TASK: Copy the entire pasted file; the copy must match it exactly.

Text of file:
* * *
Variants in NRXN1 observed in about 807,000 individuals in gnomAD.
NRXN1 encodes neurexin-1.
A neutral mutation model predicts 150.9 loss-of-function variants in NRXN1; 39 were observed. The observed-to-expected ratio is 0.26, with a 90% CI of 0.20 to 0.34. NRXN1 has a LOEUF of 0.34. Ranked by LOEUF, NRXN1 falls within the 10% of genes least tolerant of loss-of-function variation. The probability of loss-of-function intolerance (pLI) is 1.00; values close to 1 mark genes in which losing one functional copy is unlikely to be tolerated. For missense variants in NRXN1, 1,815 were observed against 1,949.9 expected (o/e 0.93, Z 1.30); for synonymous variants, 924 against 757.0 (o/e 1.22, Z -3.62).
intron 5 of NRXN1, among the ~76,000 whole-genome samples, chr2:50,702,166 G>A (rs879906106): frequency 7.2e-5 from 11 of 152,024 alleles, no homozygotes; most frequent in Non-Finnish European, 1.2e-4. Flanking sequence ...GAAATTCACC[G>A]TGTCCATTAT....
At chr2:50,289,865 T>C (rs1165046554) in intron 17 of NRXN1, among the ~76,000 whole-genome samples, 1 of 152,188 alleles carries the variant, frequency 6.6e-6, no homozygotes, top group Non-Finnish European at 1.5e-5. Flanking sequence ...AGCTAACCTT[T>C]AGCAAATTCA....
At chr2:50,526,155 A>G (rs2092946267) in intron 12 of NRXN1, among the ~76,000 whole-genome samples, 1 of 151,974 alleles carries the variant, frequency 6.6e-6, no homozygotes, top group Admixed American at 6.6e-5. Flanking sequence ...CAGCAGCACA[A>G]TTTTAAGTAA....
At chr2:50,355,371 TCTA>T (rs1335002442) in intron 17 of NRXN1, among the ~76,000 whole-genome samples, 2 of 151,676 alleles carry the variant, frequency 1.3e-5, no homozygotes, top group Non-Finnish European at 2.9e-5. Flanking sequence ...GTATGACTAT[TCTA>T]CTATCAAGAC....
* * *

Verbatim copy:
Variants in NRXN1 observed in about 807,000 individuals in gnomAD.
NRXN1 encodes neurexin-1.
A neutral mutation model predicts 150.9 loss-of-function variants in NRXN1; 39 were observed. The observed-to-expected ratio is 0.26, with a 90% CI of 0.20 to 0.34. NRXN1 has a LOEUF of 0.34. Ranked by LOEUF, NRXN1 falls within the 10% of genes least tolerant of loss-of-function variation. The probability of loss-of-function intolerance (pLI) is 1.00; values close to 1 mark genes in which losing one functional copy is unlikely to be tolerated. For missense variants in NRXN1, 1,815 were observed against 1,949.9 expected (o/e 0.93, Z 1.30); for synonymous variants, 924 against 757.0 (o/e 1.22, Z -3.62).
intron 5 of NRXN1, among the ~76,000 whole-genome samples, chr2:50,702,166 G>A (rs879906106): frequency 7.2e-5 from 11 of 152,024 alleles, no homozygotes; most frequent in Non-Finnish European, 1.2e-4. Flanking sequence ...GAAATTCACC[G>A]TGTCCATTAT....
At chr2:50,289,865 T>C (rs1165046554) in intron 17 of NRXN1, among the ~76,000 whole-genome samples, 1 of 152,188 alleles carries the variant, frequency 6.6e-6, no homozygotes, top group Non-Finnish European at 1.5e-5. Flanking sequence ...AGCTAACCTT[T>C]AGCAAATTCA....
At chr2:50,526,155 A>G (rs2092946267) in intron 12 of NRXN1, among the ~76,000 whole-genome samples, 1 of 151,974 alleles carries the variant, frequency 6.6e-6, no homozygotes, top group Admixed American at 6.6e-5. Flanking sequence ...CAGCAGCACA[A>G]TTTTAAGTAA....
At chr2:50,355,371 TCTA>T (rs1335002442) in intron 17 of NRXN1, among the ~76,000 whole-genome samples, 2 of 151,676 alleles carry the variant, frequency 1.3e-5, no homozygotes, top group Non-Finnish European at 2.9e-5. Flanking sequence ...GTATGACTAT[TCTA>T]CTATCAAGAC....